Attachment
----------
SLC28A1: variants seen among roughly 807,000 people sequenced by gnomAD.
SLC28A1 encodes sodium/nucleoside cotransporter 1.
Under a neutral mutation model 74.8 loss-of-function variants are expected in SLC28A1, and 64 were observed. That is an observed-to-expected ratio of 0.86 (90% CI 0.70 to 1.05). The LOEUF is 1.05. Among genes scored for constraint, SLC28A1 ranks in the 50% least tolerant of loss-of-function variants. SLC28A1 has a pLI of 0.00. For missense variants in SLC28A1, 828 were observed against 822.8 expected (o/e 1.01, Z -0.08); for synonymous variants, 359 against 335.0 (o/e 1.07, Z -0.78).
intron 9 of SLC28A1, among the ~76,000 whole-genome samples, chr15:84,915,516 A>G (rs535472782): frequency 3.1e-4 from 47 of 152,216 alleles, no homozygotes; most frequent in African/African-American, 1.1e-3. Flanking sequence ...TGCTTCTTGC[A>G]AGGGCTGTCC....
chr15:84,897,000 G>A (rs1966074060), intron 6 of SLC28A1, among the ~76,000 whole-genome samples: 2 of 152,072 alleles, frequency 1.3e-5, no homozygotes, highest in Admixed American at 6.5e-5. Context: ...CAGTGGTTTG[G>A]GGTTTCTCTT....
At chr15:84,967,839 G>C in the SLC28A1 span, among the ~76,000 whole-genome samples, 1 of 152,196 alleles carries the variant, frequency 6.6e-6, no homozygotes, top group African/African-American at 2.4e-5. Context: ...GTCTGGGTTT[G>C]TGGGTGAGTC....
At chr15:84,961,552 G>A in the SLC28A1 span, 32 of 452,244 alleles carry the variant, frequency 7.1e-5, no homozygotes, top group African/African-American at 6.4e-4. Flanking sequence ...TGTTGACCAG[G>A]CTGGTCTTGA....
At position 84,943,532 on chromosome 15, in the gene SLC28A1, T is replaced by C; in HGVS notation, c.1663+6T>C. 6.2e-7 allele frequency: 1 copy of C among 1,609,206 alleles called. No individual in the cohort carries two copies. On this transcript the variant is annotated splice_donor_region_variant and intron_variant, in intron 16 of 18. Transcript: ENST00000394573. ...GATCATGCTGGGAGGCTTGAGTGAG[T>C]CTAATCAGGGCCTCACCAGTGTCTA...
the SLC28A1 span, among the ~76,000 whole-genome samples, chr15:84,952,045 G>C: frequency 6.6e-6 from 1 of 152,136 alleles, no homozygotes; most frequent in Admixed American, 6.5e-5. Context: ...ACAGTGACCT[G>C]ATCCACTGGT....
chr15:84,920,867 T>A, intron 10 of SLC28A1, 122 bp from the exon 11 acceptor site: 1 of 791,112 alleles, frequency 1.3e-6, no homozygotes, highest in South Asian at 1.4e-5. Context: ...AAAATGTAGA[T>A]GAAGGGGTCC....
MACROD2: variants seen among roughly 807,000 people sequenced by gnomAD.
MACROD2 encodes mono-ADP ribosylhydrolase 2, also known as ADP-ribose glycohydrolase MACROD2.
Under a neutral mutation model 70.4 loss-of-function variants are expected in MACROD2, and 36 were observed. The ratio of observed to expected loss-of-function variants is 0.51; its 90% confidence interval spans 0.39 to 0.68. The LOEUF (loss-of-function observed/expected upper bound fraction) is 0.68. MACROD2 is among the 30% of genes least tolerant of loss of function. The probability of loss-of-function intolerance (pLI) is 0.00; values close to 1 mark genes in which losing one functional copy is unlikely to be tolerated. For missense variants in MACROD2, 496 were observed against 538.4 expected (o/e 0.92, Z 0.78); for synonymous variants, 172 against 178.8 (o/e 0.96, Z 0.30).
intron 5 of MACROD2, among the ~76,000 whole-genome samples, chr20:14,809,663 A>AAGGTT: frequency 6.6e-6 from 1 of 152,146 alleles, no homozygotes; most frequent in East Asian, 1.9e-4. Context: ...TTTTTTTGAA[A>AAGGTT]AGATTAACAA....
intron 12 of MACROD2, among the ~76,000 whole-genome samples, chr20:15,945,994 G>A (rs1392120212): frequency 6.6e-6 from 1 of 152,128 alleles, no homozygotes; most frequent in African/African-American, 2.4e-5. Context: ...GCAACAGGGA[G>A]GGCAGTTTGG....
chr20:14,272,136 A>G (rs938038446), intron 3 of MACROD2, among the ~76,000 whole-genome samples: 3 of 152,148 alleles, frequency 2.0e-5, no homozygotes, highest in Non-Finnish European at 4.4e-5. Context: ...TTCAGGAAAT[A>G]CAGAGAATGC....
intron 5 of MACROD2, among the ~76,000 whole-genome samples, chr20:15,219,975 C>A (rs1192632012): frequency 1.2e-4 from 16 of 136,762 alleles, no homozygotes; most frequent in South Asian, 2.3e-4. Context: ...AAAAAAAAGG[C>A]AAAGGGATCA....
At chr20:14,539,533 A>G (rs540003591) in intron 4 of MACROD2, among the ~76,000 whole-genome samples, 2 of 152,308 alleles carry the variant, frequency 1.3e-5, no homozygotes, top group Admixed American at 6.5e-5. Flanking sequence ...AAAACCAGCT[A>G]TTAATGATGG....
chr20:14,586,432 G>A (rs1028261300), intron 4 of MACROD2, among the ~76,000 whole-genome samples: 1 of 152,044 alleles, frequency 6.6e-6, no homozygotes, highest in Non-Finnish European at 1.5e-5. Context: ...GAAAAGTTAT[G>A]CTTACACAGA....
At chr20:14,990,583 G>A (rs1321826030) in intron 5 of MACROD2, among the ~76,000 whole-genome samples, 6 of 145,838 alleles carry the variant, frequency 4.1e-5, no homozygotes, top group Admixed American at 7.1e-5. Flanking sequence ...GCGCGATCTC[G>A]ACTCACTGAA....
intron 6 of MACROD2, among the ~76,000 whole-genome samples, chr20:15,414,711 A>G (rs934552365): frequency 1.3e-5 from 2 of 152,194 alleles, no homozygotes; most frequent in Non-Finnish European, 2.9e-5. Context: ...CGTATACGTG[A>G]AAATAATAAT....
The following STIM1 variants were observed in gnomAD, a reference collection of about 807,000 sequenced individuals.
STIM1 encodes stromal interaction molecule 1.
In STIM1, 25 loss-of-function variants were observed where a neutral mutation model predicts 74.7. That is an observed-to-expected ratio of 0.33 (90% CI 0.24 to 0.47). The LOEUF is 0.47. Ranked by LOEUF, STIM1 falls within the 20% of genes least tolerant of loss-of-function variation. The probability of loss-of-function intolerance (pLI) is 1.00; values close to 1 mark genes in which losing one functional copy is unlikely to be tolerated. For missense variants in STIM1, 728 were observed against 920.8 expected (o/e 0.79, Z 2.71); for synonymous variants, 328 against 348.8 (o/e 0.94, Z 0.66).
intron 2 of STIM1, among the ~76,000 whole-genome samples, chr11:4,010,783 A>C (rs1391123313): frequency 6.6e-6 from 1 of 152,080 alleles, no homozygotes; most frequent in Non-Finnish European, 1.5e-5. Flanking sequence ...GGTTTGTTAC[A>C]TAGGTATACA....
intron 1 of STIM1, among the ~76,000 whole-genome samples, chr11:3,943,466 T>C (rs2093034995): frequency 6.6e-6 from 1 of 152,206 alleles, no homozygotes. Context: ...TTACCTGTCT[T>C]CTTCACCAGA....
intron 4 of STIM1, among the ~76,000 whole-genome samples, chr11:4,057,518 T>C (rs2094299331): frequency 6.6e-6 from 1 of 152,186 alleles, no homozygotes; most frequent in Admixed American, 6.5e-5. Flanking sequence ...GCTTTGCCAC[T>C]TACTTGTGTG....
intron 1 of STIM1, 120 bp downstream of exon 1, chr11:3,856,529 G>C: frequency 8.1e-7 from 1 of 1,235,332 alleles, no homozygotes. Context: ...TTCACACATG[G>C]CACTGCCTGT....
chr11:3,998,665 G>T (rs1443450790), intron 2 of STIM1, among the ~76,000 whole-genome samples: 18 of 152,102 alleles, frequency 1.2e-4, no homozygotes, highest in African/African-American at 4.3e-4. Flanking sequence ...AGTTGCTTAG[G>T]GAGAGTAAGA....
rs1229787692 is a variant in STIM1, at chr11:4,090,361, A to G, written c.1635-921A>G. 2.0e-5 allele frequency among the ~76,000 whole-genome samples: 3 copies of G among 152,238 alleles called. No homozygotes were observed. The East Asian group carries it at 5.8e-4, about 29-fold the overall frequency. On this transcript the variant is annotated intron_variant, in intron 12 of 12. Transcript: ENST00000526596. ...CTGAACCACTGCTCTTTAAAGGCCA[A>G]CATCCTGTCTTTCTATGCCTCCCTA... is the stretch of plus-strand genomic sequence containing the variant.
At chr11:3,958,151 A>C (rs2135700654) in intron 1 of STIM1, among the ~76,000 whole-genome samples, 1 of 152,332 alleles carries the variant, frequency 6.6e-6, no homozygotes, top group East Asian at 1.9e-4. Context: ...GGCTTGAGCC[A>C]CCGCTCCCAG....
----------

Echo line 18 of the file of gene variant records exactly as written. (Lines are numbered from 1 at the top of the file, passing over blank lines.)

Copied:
At chr20:14,539,533 A>G (rs540003591) in intron 4 of MACROD2, among the ~76,000 whole-genome samples, 2 of 152,308 alleles carry the variant, frequency 1.3e-5, no homozygotes, top group Admixed American at 6.5e-5. Flanking sequence ...AAAACCAGCT[A>G]TTAATGATGG....